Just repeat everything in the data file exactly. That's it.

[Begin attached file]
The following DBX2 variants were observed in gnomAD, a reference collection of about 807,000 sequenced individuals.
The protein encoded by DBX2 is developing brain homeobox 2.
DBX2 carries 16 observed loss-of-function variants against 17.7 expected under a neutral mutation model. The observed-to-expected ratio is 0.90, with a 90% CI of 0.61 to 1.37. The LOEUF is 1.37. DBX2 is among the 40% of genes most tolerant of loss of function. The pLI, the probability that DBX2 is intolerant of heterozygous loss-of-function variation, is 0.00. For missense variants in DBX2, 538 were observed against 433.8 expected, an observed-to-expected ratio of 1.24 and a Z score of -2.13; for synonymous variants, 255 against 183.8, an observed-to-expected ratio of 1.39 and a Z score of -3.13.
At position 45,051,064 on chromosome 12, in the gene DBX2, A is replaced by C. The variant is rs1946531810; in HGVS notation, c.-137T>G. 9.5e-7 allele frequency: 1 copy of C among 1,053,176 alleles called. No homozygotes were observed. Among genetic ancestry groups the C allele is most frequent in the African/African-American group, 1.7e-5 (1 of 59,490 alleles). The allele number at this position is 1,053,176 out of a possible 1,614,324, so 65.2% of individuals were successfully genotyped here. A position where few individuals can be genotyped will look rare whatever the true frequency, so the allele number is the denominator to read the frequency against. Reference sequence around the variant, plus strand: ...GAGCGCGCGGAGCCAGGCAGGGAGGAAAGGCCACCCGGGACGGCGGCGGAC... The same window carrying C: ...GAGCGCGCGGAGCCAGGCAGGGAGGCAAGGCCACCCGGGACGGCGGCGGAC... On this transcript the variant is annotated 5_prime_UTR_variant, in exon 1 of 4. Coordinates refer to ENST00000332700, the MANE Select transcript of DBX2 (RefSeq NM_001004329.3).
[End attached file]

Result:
The following DBX2 variants were observed in gnomAD, a reference collection of about 807,000 sequenced individuals.
The protein encoded by DBX2 is developing brain homeobox 2.
DBX2 carries 16 observed loss-of-function variants against 17.7 expected under a neutral mutation model. The observed-to-expected ratio is 0.90, with a 90% CI of 0.61 to 1.37. The LOEUF is 1.37. DBX2 is among the 40% of genes most tolerant of loss of function. The pLI, the probability that DBX2 is intolerant of heterozygous loss-of-function variation, is 0.00. For missense variants in DBX2, 538 were observed against 433.8 expected, an observed-to-expected ratio of 1.24 and a Z score of -2.13; for synonymous variants, 255 against 183.8, an observed-to-expected ratio of 1.39 and a Z score of -3.13.
At position 45,051,064 on chromosome 12, in the gene DBX2, A is replaced by C. The variant is rs1946531810; in HGVS notation, c.-137T>G. 9.5e-7 allele frequency: 1 copy of C among 1,053,176 alleles called. No homozygotes were observed. Among genetic ancestry groups the C allele is most frequent in the African/African-American group, 1.7e-5 (1 of 59,490 alleles). The allele number at this position is 1,053,176 out of a possible 1,614,324, so 65.2% of individuals were successfully genotyped here. A position where few individuals can be genotyped will look rare whatever the true frequency, so the allele number is the denominator to read the frequency against. Reference sequence around the variant, plus strand: ...GAGCGCGCGGAGCCAGGCAGGGAGGAAAGGCCACCCGGGACGGCGGCGGAC... The same window carrying C: ...GAGCGCGCGGAGCCAGGCAGGGAGGCAAGGCCACCCGGGACGGCGGCGGAC... On this transcript the variant is annotated 5_prime_UTR_variant, in exon 1 of 4. Coordinates refer to ENST00000332700, the MANE Select transcript of DBX2 (RefSeq NM_001004329.3).